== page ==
Review: A Beautiful Surrender by Brenda WilliamsonThursday, March 6, 2008 22:00
I nearly surrendered myself and put this book aside, but I slugged along until I finished it. It never got any better, though. The negativity in this book is overwhelming and even though there are a couple of unfettered scenes here and there, that’s just not enough to save it. Not even close.
The hero rapidly vacillates between insulting the heroine to wanting her naked. This is supposed to be part of his plan to dupe the princess into not fulfilling the stipulations of her father’s will. But there isn’t enough guilt or remorse from him about those actions when he begins to fall for her. His emotional vacillation happens so often that it loses impact, if there was any to begin with. There’s just no romance between them the way it’s written.
The heroine, of course, gets upset, angry, humiliated, and so on when the hero treats her in such a manner — and she still wants him, she’s still attracted to him. I never once felt the hero was arrogant. He’s just mean and wants what he wants. Even when we find out why he’s doing these things to the princess, that never lessened my feeling about him one whit.
Also, the imagery in this book is just as negative. An example:
He spit a bit of tobacco from his mouth into a potted bush. The conifer dusted in a pretty white powder of snow, now had an ugly brown stain on it.
Please. This is the hero’s action, for heaven’s sake. Couldn’t something with a little more decorum have been used? He’s not masquerading as a dirty rogue; he’s introduced himself as a duke. Even if I look past his attitude and insulting nature, he doesn’t strike me as a person that would do something like this. First, why would he spit tobacco in front of the heroine? Next, why spit it into a potted bush in her castle? This just isn’t his character up to this point. And, lastly, why give us the image of an ugly, dirty stain? Makes absolutely no sense.
The continuity in the book is also lacking. A simple example is when the two characters meet in a receiving line, the hero is close enough to the princess to be whispering his inane dialogue to her, but just a little later it’s stated he never got close enough to her to know how sweet she smelled. In addition, I always had the feeling I was reading a futuristic-set story, not just a straight historical. The names themselves (Volda, Maltar, Alluvia) of the “far-away” lands is the main example of that.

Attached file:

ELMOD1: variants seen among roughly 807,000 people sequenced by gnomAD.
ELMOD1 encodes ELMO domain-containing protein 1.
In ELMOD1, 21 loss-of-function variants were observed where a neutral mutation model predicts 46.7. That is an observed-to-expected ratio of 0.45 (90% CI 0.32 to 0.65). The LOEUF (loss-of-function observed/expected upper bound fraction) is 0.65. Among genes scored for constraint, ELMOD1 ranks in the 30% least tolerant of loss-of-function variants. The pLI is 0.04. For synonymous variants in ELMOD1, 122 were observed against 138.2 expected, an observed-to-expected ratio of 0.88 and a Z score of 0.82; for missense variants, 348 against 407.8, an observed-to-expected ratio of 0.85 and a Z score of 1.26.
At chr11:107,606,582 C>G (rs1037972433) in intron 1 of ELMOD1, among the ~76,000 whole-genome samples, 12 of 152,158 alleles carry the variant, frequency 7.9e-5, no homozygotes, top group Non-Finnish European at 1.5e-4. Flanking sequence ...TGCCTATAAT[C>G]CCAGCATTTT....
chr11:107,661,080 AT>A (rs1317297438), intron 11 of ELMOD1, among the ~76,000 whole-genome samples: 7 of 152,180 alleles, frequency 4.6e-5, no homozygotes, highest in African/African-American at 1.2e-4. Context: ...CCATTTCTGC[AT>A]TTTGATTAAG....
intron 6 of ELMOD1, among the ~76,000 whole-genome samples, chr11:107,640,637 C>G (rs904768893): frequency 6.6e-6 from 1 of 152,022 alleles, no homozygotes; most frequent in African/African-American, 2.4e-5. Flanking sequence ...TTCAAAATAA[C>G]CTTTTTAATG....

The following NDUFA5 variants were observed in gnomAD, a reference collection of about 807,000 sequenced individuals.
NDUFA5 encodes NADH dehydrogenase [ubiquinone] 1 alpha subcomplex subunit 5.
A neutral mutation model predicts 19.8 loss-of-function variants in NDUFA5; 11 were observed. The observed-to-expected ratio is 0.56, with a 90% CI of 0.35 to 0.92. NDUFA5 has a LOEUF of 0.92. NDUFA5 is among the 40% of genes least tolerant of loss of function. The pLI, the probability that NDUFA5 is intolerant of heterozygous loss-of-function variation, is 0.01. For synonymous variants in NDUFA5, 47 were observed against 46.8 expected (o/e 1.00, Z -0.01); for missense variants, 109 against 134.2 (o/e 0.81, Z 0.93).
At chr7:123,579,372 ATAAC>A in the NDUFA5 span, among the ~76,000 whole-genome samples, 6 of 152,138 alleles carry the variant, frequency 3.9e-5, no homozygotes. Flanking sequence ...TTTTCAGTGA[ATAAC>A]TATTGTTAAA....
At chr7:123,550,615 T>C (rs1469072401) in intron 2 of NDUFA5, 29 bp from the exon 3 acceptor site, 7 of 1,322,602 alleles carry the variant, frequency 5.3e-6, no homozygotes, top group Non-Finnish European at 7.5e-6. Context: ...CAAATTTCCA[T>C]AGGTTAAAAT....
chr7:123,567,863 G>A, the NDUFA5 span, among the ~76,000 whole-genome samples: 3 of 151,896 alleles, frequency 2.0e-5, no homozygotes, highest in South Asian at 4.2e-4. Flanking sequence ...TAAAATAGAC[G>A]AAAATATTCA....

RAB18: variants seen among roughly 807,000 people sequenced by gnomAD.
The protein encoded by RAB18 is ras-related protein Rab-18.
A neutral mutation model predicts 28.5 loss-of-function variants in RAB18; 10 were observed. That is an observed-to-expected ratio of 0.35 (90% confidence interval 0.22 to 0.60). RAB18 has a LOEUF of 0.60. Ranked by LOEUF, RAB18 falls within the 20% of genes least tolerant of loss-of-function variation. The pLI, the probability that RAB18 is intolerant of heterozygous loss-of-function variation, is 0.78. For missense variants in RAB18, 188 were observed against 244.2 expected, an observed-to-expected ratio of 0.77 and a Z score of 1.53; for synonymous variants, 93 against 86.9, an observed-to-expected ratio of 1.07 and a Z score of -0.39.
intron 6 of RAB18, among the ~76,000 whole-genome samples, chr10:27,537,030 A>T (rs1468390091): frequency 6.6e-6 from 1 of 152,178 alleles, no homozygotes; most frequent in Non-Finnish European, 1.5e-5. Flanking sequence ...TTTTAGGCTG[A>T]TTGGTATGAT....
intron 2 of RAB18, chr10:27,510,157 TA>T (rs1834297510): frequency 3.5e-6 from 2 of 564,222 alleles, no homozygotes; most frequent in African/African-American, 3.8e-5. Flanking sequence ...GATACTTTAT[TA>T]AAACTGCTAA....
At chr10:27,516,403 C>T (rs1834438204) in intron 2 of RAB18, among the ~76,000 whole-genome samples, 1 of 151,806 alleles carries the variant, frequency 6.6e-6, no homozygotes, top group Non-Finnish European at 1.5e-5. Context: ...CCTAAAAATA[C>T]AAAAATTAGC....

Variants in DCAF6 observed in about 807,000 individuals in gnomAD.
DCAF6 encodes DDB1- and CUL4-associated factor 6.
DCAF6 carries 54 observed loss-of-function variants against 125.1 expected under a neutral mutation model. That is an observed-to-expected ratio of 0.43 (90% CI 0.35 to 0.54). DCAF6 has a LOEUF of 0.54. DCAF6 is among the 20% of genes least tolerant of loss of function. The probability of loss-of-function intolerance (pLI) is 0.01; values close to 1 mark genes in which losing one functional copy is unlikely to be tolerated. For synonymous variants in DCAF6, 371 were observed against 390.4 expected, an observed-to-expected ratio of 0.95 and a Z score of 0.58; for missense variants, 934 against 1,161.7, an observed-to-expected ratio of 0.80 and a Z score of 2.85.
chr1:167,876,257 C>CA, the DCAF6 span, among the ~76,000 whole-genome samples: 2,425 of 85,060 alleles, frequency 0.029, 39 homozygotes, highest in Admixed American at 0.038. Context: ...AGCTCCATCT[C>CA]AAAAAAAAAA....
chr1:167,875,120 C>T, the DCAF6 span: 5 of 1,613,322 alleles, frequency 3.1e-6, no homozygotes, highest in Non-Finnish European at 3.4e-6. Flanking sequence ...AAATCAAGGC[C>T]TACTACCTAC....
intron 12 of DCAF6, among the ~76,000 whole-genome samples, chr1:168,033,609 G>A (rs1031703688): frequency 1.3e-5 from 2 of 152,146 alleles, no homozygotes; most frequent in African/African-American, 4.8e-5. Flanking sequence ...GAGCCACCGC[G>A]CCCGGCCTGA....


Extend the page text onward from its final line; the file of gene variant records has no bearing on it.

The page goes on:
I also never felt a connection between the hero and heroine, at least not one of love. There’s plenty of lust, but there’s never anything really positive between them until the very end where it’s forced because it is the end of the book. Even the relationship between the hero’s sister and the heroine’s brother goes through a negative stage, although it’s not nearly as bad as what’s between the main characters.
Two or three times I found myself thinking, “Oh, that’s not a bad passage,” but there’s no way anything could save this book by that time. The fact that I could be pulled out of the story and think about individual passages doesn’t bode well for any book. So this read gets my very first really, really bad grade. But deservedly so.
She’s a princess desperate for a husband. He’s a duke…or is he?
With her uncle poised to steal her kingdom, Princess Katerina must marry. Miraculously, a new handsome duke appears on the scene. His sexy charm makes her tingle from head to toe. But can she overlook his arrogance?
The future of Dax’s country is at stake. Forced to masquerade as a duke to seduce Katerina and prevent her from marrying, he courts the princess with great success. But when someone tries to kill Katerina, his instincts are to protect the passionate lady no matter the cost.
With Dax’s deception revealed and her life at risk, can Katerina still surrender her heart?
Read an excerpt.